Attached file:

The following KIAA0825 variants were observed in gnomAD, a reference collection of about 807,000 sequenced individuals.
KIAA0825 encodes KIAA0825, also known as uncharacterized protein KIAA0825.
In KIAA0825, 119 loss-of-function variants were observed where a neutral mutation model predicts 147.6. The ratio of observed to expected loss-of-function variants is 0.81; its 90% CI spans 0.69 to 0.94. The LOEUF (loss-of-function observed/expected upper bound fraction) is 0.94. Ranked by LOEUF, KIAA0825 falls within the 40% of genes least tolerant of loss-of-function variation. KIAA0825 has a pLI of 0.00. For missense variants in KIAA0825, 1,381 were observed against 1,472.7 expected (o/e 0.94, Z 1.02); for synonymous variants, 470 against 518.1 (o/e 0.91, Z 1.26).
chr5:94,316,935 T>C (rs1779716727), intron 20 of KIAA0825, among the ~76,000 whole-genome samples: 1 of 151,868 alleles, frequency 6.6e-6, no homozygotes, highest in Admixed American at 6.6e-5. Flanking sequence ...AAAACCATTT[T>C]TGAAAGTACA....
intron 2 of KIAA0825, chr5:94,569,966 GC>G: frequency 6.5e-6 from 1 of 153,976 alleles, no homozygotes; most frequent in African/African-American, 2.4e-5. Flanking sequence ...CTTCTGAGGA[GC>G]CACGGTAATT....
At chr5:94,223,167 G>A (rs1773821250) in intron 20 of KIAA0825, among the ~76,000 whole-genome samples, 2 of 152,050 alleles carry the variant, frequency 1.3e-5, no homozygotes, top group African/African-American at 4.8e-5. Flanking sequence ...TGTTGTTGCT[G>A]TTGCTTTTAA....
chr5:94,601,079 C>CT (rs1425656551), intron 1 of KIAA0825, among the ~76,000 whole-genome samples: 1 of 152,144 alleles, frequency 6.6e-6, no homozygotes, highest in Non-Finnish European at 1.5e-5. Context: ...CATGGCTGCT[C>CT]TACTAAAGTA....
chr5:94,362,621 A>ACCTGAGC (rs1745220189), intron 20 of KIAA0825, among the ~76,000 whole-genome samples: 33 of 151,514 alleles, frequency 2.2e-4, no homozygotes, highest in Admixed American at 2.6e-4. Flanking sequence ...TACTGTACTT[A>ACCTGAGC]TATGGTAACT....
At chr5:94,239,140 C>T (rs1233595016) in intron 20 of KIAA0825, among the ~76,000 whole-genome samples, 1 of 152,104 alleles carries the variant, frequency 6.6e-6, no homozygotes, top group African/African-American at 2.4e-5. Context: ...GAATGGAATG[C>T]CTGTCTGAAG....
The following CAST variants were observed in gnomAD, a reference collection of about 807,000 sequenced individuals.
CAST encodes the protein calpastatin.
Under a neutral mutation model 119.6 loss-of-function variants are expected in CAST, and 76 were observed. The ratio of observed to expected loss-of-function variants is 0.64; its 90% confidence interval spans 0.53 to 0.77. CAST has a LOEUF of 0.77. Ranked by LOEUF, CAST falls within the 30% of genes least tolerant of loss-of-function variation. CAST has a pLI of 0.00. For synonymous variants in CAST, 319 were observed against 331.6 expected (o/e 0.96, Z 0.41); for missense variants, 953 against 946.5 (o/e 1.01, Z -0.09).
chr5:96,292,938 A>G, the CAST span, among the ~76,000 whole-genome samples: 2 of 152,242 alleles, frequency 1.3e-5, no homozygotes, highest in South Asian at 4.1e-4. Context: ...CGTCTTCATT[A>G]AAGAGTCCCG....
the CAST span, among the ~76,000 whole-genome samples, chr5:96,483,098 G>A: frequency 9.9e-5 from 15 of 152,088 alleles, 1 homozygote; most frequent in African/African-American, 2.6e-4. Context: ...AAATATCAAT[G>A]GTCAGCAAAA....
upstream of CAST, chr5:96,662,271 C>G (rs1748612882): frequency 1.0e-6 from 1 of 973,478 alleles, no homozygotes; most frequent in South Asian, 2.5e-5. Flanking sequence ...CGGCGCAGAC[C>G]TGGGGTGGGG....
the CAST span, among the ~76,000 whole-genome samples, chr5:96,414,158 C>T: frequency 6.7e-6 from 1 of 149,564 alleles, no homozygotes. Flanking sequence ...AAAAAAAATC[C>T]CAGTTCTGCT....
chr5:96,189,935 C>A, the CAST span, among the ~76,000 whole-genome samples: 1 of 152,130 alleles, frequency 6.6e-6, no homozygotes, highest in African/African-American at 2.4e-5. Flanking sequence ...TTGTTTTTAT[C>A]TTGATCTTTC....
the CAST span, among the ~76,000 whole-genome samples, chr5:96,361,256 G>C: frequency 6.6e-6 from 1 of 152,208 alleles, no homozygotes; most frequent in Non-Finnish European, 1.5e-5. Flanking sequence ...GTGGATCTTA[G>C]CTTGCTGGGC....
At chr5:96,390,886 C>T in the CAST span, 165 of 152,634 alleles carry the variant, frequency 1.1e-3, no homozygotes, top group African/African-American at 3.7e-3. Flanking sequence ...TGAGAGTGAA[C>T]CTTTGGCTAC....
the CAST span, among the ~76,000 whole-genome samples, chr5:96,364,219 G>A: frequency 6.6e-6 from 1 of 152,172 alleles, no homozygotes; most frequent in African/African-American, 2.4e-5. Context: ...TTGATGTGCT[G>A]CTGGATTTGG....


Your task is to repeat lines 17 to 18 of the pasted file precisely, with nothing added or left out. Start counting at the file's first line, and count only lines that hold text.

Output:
chr5:96,189,935 C>A, the CAST span, among the ~76,000 whole-genome samples: 1 of 152,130 alleles, frequency 6.6e-6, no homozygotes, highest in African/African-American at 2.4e-5. Flanking sequence ...TTGTTTTTAT[C>A]TTGATCTTTC....
the CAST span, among the ~76,000 whole-genome samples, chr5:96,361,256 G>C: frequency 6.6e-6 from 1 of 152,208 alleles, no homozygotes; most frequent in Non-Finnish European, 1.5e-5. Flanking sequence ...GTGGATCTTA[G>C]CTTGCTGGGC....